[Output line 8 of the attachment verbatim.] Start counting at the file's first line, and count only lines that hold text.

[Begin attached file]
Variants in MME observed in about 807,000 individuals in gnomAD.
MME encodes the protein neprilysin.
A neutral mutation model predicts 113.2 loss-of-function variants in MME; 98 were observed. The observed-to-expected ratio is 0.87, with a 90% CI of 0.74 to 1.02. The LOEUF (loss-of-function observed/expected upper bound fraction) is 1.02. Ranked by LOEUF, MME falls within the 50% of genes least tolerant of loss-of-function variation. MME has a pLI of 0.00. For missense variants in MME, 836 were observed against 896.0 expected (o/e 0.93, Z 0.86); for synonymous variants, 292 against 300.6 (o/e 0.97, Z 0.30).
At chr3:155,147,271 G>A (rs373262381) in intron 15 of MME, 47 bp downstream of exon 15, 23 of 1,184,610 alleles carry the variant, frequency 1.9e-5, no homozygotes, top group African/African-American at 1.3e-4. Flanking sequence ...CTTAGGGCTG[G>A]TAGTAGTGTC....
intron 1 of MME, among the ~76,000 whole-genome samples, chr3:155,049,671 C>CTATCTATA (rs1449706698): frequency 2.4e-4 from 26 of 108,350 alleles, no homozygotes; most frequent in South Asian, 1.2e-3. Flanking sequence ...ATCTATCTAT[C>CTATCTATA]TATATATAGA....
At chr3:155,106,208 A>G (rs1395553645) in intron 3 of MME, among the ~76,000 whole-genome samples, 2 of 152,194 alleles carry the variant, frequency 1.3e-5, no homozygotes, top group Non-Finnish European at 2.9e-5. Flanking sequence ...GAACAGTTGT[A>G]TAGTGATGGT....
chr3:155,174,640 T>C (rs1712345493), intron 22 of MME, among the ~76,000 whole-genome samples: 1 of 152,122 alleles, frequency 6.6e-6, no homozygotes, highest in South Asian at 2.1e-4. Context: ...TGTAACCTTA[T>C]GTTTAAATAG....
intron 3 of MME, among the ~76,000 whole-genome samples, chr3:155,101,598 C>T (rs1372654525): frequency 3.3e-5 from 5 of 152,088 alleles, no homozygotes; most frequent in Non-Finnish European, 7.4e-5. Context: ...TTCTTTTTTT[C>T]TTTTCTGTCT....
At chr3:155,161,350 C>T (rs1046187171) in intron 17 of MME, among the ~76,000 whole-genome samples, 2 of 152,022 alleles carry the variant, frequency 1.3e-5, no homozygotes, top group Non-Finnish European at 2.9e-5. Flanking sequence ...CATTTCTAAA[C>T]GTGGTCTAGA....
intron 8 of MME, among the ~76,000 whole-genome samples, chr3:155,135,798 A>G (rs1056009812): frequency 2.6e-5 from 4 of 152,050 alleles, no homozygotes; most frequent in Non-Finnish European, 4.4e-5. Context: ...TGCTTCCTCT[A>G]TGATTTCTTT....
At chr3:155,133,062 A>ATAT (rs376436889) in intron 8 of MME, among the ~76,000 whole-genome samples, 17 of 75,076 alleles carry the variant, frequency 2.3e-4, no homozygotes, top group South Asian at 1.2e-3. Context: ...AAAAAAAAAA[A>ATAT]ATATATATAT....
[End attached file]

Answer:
intron 3 of MME, among the ~76,000 whole-genome samples, chr3:155,101,598 C>T (rs1372654525): frequency 3.3e-5 from 5 of 152,088 alleles, no homozygotes; most frequent in Non-Finnish European, 7.4e-5. Context: ...TTCTTTTTTT[C>T]TTTTCTGTCT....